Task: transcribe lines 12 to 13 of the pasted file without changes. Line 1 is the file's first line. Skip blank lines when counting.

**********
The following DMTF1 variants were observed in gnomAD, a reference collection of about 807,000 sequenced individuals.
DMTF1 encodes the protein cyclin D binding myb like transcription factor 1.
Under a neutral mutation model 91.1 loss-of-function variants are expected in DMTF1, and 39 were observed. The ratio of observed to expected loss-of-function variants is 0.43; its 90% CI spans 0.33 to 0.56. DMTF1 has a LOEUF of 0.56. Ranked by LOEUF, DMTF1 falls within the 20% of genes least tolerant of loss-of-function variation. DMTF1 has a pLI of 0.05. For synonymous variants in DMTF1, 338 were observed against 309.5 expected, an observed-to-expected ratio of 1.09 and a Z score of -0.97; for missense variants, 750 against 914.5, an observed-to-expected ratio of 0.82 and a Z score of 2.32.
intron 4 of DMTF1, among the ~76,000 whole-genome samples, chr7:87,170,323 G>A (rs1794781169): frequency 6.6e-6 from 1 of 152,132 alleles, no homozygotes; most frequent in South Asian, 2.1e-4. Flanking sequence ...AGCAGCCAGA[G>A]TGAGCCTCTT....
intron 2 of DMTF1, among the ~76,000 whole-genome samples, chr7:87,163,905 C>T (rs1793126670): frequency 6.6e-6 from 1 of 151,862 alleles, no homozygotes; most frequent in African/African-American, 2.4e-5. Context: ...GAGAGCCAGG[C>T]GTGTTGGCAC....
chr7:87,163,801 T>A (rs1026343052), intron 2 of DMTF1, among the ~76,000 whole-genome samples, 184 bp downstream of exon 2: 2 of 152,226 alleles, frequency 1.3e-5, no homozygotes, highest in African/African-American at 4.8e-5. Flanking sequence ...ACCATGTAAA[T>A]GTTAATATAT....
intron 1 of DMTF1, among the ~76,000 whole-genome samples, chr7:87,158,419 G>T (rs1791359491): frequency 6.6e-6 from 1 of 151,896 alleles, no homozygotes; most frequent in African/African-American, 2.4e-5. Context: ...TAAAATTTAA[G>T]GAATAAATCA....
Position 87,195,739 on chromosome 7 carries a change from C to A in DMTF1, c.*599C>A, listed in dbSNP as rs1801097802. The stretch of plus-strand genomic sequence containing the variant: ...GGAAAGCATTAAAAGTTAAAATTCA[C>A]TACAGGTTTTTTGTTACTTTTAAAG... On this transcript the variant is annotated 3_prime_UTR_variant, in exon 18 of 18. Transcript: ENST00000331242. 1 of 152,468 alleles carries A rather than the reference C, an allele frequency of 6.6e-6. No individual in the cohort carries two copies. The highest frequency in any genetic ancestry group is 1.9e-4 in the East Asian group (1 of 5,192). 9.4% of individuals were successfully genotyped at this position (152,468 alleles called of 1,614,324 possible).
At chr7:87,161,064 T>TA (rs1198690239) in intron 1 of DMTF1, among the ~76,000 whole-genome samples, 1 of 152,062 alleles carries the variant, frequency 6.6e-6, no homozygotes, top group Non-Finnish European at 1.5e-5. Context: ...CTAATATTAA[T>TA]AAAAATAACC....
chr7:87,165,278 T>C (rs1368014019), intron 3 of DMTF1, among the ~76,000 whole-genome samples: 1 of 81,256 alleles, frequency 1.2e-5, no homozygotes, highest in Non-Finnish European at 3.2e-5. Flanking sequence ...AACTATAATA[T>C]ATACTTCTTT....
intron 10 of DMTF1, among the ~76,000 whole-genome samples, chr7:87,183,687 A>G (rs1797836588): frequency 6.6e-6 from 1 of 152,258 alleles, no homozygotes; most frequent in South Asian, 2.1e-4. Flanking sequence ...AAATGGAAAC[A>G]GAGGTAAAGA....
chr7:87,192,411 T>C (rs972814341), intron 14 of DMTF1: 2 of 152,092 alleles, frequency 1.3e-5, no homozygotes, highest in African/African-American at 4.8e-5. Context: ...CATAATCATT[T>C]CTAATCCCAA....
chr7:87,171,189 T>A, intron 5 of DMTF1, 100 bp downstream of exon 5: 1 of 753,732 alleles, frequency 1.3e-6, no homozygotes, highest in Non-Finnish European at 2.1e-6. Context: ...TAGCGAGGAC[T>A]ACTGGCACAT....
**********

chr7:87,192,411 T>C (rs972814341), intron 14 of DMTF1: 2 of 152,092 alleles, frequency 1.3e-5, no homozygotes, highest in African/African-American at 4.8e-5. Context: ...CATAATCATT[T>C]CTAATCCCAA....
chr7:87,171,189 T>A, intron 5 of DMTF1, 100 bp downstream of exon 5: 1 of 753,732 alleles, frequency 1.3e-6, no homozygotes, highest in Non-Finnish European at 2.1e-6. Context: ...TAGCGAGGAC[T>A]ACTGGCACAT....